I tried another watercolor sketch inspired by Untamed Waters, the 1934 work by Paul Klee. The previous sketch from the Residual Ideas post is reproduced below. Unfortunately, I tried to find a link to Klee’s work, but I could not.
Today’s watercolor experiment:
I began with a sketch of a remnant of a dream I had last night. The major pictorial element in the dream consisted of two A-frame structures. I don’t remember much of the dramatic content of the dream except that it involved a rope and some hoisting of supplies for two people. I was the third person.
I drew the A-frames first. Since lines of flow were still on my mind from Laminar Flow (see above), I thought I would float the structure on an ocean of lines. I drew the lines with a 2B pencil, including a swirl here and there to indicate the types of waves seen in ocean water.
To contrast with the coolness of the bottom portion of the sketch, I chose warm coloration for the top portion. In fact, I had fire in mind when I drew the curving vertical lines that would contain the reds, oranges and yellows.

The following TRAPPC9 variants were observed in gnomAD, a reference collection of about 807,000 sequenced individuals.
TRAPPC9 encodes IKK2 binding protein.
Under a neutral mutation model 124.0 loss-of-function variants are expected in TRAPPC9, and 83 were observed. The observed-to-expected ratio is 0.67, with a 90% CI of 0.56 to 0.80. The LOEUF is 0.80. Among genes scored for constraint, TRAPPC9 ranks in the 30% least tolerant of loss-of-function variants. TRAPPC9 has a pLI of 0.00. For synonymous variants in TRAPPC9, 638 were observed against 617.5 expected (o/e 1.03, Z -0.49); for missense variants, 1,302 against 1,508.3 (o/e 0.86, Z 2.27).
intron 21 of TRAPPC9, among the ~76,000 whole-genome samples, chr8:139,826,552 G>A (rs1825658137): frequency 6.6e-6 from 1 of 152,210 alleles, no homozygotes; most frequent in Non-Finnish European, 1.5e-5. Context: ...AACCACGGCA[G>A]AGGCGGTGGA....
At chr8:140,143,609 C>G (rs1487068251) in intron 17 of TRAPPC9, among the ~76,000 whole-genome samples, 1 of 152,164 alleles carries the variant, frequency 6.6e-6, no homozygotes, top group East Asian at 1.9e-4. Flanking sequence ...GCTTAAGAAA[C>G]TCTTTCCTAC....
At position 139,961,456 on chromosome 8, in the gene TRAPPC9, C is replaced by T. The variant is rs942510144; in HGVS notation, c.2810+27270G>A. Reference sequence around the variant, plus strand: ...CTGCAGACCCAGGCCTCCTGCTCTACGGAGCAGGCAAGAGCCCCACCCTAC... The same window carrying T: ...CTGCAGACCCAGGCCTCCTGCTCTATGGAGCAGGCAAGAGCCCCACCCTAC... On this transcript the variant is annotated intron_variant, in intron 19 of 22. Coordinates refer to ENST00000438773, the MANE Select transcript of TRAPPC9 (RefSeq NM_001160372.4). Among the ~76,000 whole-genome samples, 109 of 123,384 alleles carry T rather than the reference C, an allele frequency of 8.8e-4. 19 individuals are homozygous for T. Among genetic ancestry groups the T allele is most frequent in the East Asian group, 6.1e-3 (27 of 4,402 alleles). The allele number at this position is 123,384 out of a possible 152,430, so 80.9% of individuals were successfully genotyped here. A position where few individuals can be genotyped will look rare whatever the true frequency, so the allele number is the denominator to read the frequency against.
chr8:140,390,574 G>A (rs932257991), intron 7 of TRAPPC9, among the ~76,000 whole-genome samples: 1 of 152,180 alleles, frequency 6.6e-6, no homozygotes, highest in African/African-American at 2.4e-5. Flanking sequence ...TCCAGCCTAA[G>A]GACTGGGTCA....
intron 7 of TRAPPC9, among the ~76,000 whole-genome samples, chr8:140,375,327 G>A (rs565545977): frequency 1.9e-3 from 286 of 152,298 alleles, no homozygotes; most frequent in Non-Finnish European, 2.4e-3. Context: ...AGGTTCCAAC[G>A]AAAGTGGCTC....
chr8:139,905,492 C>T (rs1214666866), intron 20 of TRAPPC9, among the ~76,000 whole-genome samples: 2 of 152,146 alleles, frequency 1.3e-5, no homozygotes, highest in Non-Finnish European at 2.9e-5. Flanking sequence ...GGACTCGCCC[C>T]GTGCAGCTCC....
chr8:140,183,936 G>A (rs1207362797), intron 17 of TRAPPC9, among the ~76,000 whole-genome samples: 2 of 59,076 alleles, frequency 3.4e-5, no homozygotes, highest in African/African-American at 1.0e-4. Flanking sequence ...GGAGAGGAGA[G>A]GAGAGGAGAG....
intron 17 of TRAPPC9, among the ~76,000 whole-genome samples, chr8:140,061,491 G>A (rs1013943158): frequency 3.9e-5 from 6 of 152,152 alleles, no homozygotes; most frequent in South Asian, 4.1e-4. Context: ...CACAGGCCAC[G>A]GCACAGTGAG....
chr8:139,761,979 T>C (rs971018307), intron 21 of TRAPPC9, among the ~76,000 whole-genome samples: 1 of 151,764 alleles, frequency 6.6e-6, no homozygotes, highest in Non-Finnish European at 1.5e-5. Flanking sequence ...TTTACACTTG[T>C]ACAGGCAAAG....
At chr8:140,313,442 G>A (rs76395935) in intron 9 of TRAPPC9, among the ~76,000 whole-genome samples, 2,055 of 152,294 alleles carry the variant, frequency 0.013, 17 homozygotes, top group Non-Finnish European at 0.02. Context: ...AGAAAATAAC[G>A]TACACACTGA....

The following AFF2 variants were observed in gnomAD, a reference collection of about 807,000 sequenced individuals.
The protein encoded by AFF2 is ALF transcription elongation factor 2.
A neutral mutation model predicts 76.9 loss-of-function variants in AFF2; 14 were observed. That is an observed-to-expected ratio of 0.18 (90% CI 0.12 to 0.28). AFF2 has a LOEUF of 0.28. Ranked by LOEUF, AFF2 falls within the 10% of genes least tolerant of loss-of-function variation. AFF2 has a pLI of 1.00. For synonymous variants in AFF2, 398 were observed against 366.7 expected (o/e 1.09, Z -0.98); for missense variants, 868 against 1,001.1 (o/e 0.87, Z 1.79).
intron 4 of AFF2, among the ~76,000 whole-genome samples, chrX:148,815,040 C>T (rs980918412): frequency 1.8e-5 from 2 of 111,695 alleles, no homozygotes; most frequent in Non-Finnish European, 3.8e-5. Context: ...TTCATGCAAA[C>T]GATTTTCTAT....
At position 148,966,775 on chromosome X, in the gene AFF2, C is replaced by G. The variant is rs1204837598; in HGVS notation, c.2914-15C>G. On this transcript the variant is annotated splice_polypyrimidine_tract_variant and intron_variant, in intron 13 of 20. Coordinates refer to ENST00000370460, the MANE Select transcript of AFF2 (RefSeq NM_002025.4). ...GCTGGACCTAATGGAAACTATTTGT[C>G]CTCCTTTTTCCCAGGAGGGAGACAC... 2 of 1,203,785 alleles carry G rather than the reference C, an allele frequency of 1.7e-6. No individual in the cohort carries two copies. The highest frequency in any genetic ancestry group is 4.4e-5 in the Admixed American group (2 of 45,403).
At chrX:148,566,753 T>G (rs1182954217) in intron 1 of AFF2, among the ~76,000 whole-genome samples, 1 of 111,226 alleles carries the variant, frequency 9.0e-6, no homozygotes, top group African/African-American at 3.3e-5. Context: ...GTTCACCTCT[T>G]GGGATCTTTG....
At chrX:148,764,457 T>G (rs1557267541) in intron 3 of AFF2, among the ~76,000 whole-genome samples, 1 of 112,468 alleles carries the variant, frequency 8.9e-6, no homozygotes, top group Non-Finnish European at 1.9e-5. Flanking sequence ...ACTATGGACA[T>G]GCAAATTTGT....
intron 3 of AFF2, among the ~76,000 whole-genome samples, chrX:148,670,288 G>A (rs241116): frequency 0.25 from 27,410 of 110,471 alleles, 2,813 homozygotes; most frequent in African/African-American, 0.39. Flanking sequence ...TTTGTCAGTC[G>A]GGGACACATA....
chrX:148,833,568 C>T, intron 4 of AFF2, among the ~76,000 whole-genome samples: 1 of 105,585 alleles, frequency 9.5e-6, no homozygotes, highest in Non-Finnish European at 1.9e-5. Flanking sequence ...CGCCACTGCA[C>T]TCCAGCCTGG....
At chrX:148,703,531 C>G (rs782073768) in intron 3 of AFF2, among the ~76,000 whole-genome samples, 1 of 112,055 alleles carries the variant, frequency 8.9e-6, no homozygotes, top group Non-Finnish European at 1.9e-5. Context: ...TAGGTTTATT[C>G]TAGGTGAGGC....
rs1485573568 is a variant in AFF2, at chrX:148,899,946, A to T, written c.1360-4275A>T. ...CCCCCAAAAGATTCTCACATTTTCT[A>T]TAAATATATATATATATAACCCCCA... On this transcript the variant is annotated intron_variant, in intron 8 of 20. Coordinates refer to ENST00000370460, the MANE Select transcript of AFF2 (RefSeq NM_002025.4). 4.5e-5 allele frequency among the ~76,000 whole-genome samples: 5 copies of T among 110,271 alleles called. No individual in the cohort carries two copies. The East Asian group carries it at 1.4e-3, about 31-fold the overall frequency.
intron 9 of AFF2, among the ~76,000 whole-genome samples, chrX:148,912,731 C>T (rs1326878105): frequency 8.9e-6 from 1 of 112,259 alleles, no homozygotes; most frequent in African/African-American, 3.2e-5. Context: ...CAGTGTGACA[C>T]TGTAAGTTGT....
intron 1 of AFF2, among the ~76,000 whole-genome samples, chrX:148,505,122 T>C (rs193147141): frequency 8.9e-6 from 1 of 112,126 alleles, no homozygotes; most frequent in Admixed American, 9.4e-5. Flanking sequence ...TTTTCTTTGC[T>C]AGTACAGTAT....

The vertical blue fish-like shape projecting above the ocean layers began as a double helix – the well known shape of DNA – based on the curvature of the original lines in the top portion of the sketch. Then I planned to make this section into a water spout, as a way to bring the cool colors into contrast with the warm ones. The idea of a fish presented itself after I washed this local area with Prussian blue. and saw the results. I re-washed it with French ultramarine, a reddish shade of blue, so that it would better blend with the reds.
At the last moment, I painted French ultramarine swirls at the tip of the fish’s head. Unfortunately, this resulted in the overpainted area looking muddy.
Originally, I painted the A-frames with the brownish earth colors (yellow ochre and warm sepia, primarily). After I applied the warm colors in the background, I overpainted the A-frames with terra verte green, also an earth color, but one that would provide a bit more contrast with the reddish background.
My palette blues (cobalt teal, cerulean blue, peacock blue and French ultramarine) colored the bottom layers. I did not glaze the bottom layers, but rather outlined the pencil lines with pen and ink. I wanted to preserve the shapes of the waves and the front-to-back order of the layers which may have been destroyed by the glazing process.
For the vertical lines of turbulence in the upper portion of the sketch, I used the usual suspects: Winsor red, alizarine crimson, quinacridone red and cadmium yellow pale. I glazed local areas with aureolin yellow and quinacridone red.
The only thing left from my dream was the image of the A-frame and an icky feeling of some kind of loss. A fish out of water, perhaps? The image and the feelings seem to blend well in this study.